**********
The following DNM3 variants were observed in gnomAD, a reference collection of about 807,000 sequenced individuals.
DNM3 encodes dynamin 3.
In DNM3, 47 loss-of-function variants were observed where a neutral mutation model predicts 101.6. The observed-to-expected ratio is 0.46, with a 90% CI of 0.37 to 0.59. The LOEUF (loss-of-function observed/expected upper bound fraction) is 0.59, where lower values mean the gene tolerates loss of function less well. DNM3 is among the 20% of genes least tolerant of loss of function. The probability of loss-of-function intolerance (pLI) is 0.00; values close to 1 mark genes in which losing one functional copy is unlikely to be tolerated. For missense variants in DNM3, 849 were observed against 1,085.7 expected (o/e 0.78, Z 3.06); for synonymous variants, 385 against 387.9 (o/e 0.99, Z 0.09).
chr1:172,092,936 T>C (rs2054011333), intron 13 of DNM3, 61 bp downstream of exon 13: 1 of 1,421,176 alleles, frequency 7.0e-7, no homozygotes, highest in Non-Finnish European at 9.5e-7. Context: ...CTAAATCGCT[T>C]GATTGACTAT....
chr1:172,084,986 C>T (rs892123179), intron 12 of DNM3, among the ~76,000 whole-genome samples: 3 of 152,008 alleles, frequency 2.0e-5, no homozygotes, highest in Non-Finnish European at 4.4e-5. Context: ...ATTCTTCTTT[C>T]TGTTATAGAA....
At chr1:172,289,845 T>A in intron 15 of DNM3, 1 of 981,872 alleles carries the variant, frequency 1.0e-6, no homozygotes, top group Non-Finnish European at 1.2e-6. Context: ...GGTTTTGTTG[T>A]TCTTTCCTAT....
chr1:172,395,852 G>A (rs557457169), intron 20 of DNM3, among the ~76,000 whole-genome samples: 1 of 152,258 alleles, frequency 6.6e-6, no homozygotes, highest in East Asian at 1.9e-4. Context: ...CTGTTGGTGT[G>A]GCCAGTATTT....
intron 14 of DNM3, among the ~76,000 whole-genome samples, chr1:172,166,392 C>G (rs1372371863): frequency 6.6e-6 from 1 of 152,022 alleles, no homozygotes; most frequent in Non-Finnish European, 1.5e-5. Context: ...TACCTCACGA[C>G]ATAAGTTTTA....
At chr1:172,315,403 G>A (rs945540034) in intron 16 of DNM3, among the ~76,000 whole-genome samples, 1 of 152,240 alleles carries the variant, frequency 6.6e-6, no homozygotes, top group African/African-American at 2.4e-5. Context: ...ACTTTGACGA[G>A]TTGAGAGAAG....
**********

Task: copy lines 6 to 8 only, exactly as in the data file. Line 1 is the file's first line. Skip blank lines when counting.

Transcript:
At chr1:172,289,845 T>A in intron 15 of DNM3, 1 of 981,872 alleles carries the variant, frequency 1.0e-6, no homozygotes, top group Non-Finnish European at 1.2e-6. Context: ...GGTTTTGTTG[T>A]TCTTTCCTAT....
chr1:172,395,852 G>A (rs557457169), intron 20 of DNM3, among the ~76,000 whole-genome samples: 1 of 152,258 alleles, frequency 6.6e-6, no homozygotes, highest in East Asian at 1.9e-4. Context: ...CTGTTGGTGT[G>A]GCCAGTATTT....
intron 14 of DNM3, among the ~76,000 whole-genome samples, chr1:172,166,392 C>G (rs1372371863): frequency 6.6e-6 from 1 of 152,022 alleles, no homozygotes; most frequent in Non-Finnish European, 1.5e-5. Context: ...TACCTCACGA[C>G]ATAAGTTTTA....